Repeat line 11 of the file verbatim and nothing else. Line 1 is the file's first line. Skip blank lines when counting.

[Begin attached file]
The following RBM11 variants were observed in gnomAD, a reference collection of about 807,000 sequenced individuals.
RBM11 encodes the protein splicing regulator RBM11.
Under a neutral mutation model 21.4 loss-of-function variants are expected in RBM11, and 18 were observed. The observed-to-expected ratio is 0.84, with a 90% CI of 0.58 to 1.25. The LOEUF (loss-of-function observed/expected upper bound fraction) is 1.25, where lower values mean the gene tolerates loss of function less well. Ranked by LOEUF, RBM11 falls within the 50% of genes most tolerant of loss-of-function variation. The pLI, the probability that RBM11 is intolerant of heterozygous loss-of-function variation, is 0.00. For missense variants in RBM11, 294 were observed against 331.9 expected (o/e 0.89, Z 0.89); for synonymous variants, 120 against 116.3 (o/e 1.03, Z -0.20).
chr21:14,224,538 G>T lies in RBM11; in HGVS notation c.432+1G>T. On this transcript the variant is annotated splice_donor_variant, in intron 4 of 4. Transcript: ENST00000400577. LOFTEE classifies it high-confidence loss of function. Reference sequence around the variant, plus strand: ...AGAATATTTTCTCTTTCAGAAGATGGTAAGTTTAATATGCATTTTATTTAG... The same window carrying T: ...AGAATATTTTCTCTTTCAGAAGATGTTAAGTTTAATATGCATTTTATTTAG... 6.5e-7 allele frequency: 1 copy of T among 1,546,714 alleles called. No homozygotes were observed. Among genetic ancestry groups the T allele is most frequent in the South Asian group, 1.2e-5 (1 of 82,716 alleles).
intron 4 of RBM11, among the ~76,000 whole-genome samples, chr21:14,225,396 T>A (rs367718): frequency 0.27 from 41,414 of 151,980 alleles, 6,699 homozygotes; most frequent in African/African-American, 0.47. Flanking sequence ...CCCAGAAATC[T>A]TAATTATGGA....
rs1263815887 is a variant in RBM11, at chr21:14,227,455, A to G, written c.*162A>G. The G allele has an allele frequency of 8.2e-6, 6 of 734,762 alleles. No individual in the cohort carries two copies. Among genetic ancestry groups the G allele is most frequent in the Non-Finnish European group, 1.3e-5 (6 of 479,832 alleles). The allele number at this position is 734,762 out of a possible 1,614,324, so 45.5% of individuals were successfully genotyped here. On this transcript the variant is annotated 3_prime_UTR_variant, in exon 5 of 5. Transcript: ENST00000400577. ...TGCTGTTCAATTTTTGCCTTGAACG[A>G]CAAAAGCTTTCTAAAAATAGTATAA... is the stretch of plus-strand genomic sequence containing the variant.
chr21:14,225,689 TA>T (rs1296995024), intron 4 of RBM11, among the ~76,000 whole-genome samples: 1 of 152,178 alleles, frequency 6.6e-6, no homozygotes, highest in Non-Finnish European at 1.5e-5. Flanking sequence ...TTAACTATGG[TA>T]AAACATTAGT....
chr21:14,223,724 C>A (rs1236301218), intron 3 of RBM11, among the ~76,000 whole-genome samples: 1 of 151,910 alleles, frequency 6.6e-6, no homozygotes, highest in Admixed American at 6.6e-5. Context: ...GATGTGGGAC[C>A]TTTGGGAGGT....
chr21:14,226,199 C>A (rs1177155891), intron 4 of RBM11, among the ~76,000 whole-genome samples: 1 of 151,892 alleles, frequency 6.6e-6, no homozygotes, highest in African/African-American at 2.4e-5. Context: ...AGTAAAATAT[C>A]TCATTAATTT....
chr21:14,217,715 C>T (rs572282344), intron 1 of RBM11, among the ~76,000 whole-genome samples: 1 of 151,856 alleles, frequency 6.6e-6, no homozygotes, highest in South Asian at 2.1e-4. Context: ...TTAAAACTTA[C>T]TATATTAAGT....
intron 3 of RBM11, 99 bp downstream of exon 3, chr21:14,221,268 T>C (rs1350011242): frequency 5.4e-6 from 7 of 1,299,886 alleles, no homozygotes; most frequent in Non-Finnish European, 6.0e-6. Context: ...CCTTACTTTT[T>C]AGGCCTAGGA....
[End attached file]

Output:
intron 3 of RBM11, 99 bp downstream of exon 3, chr21:14,221,268 T>C (rs1350011242): frequency 5.4e-6 from 7 of 1,299,886 alleles, no homozygotes; most frequent in Non-Finnish European, 6.0e-6. Context: ...CCTTACTTTT[T>C]AGGCCTAGGA....